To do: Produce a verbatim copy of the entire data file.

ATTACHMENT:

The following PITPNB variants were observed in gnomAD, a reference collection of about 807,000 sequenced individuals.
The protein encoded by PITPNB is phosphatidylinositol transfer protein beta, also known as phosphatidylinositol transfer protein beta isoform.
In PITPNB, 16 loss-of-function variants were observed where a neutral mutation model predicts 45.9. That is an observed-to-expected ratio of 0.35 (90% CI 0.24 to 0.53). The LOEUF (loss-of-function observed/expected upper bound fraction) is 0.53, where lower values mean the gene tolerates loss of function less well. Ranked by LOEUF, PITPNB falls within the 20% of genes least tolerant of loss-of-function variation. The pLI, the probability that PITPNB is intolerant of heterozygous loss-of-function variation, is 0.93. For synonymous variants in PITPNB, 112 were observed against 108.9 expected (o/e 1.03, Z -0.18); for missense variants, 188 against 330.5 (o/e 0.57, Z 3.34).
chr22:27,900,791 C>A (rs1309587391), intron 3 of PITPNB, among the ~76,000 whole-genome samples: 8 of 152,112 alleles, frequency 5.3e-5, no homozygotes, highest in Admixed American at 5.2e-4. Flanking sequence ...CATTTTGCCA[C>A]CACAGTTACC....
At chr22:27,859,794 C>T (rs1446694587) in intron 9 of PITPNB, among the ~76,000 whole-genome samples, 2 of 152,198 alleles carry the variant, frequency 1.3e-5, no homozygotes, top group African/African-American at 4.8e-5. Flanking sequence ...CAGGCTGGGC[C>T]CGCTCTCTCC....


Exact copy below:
The following PITPNB variants were observed in gnomAD, a reference collection of about 807,000 sequenced individuals.
The protein encoded by PITPNB is phosphatidylinositol transfer protein beta, also known as phosphatidylinositol transfer protein beta isoform.
In PITPNB, 16 loss-of-function variants were observed where a neutral mutation model predicts 45.9. That is an observed-to-expected ratio of 0.35 (90% CI 0.24 to 0.53). The LOEUF (loss-of-function observed/expected upper bound fraction) is 0.53, where lower values mean the gene tolerates loss of function less well. Ranked by LOEUF, PITPNB falls within the 20% of genes least tolerant of loss-of-function variation. The pLI, the probability that PITPNB is intolerant of heterozygous loss-of-function variation, is 0.93. For synonymous variants in PITPNB, 112 were observed against 108.9 expected (o/e 1.03, Z -0.18); for missense variants, 188 against 330.5 (o/e 0.57, Z 3.34).
chr22:27,900,791 C>A (rs1309587391), intron 3 of PITPNB, among the ~76,000 whole-genome samples: 8 of 152,112 alleles, frequency 5.3e-5, no homozygotes, highest in Admixed American at 5.2e-4. Flanking sequence ...CATTTTGCCA[C>A]CACAGTTACC....
At chr22:27,859,794 C>T (rs1446694587) in intron 9 of PITPNB, among the ~76,000 whole-genome samples, 2 of 152,198 alleles carry the variant, frequency 1.3e-5, no homozygotes, top group African/African-American at 4.8e-5. Flanking sequence ...CAGGCTGGGC[C>T]CGCTCTCTCC....